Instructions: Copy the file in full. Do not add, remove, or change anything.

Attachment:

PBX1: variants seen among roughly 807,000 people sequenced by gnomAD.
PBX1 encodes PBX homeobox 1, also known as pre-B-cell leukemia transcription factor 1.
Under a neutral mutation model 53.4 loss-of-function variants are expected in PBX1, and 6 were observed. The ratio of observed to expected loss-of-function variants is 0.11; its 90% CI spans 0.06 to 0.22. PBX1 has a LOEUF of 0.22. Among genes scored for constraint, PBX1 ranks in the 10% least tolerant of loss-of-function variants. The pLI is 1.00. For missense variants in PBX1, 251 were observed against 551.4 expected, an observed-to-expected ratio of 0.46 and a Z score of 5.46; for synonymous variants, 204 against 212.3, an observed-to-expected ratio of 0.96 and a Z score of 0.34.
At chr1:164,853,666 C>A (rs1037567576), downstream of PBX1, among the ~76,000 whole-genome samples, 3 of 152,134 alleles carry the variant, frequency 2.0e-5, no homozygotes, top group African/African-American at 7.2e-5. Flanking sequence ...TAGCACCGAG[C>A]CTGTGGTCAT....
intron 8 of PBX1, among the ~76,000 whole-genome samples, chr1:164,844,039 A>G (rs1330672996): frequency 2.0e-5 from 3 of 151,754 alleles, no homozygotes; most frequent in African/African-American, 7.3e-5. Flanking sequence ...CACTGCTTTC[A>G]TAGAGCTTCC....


PBX1: variants seen among roughly 807,000 people sequenced by gnomAD.
PBX1 encodes PBX homeobox 1, also known as pre-B-cell leukemia transcription factor 1.
Under a neutral mutation model 53.4 loss-of-function variants are expected in PBX1, and 6 were observed. The ratio of observed to expected loss-of-function variants is 0.11; its 90% CI spans 0.06 to 0.22. PBX1 has a LOEUF of 0.22. Among genes scored for constraint, PBX1 ranks in the 10% least tolerant of loss-of-function variants. The pLI is 1.00. For missense variants in PBX1, 251 were observed against 551.4 expected, an observed-to-expected ratio of 0.46 and a Z score of 5.46; for synonymous variants, 204 against 212.3, an observed-to-expected ratio of 0.96 and a Z score of 0.34.
At chr1:164,853,666 C>A (rs1037567576), downstream of PBX1, among the ~76,000 whole-genome samples, 3 of 152,134 alleles carry the variant, frequency 2.0e-5, no homozygotes, top group African/African-American at 7.2e-5. Flanking sequence ...TAGCACCGAG[C>A]CTGTGGTCAT....
intron 8 of PBX1, among the ~76,000 whole-genome samples, chr1:164,844,039 A>G (rs1330672996): frequency 2.0e-5 from 3 of 151,754 alleles, no homozygotes; most frequent in African/African-American, 7.3e-5. Flanking sequence ...CACTGCTTTC[A>G]TAGAGCTTCC....